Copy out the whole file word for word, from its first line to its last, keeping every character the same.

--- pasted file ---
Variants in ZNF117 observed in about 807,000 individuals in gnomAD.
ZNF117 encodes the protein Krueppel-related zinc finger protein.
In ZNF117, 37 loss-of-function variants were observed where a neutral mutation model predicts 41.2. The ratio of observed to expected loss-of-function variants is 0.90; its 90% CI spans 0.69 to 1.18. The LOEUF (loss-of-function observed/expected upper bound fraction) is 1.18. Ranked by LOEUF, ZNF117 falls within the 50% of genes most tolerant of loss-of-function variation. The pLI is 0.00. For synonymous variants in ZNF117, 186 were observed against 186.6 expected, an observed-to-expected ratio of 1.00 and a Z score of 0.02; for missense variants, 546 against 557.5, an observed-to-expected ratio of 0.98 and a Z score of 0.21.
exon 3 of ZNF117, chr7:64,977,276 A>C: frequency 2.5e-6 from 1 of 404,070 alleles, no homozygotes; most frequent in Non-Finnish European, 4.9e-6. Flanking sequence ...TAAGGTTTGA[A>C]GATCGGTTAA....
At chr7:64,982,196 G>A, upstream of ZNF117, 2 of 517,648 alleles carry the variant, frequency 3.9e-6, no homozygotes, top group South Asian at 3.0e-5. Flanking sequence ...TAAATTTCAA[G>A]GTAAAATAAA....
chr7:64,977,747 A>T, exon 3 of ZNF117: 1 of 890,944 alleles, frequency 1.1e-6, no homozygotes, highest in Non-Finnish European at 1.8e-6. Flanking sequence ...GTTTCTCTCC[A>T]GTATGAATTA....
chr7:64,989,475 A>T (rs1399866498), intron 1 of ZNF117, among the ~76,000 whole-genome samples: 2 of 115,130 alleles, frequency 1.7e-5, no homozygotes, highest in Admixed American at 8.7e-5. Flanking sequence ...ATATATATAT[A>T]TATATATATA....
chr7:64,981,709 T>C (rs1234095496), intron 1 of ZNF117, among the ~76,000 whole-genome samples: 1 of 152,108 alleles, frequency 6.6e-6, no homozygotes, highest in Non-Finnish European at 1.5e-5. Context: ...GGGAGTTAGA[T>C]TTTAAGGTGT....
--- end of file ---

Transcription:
Variants in ZNF117 observed in about 807,000 individuals in gnomAD.
ZNF117 encodes the protein Krueppel-related zinc finger protein.
In ZNF117, 37 loss-of-function variants were observed where a neutral mutation model predicts 41.2. The ratio of observed to expected loss-of-function variants is 0.90; its 90% CI spans 0.69 to 1.18. The LOEUF (loss-of-function observed/expected upper bound fraction) is 1.18. Ranked by LOEUF, ZNF117 falls within the 50% of genes most tolerant of loss-of-function variation. The pLI is 0.00. For synonymous variants in ZNF117, 186 were observed against 186.6 expected, an observed-to-expected ratio of 1.00 and a Z score of 0.02; for missense variants, 546 against 557.5, an observed-to-expected ratio of 0.98 and a Z score of 0.21.
exon 3 of ZNF117, chr7:64,977,276 A>C: frequency 2.5e-6 from 1 of 404,070 alleles, no homozygotes; most frequent in Non-Finnish European, 4.9e-6. Flanking sequence ...TAAGGTTTGA[A>C]GATCGGTTAA....
At chr7:64,982,196 G>A, upstream of ZNF117, 2 of 517,648 alleles carry the variant, frequency 3.9e-6, no homozygotes, top group South Asian at 3.0e-5. Flanking sequence ...TAAATTTCAA[G>A]GTAAAATAAA....
chr7:64,977,747 A>T, exon 3 of ZNF117: 1 of 890,944 alleles, frequency 1.1e-6, no homozygotes, highest in Non-Finnish European at 1.8e-6. Flanking sequence ...GTTTCTCTCC[A>T]GTATGAATTA....
chr7:64,989,475 A>T (rs1399866498), intron 1 of ZNF117, among the ~76,000 whole-genome samples: 2 of 115,130 alleles, frequency 1.7e-5, no homozygotes, highest in Admixed American at 8.7e-5. Flanking sequence ...ATATATATAT[A>T]TATATATATA....
chr7:64,981,709 T>C (rs1234095496), intron 1 of ZNF117, among the ~76,000 whole-genome samples: 1 of 152,108 alleles, frequency 6.6e-6, no homozygotes, highest in Non-Finnish European at 1.5e-5. Context: ...GGGAGTTAGA[T>C]TTTAAGGTGT....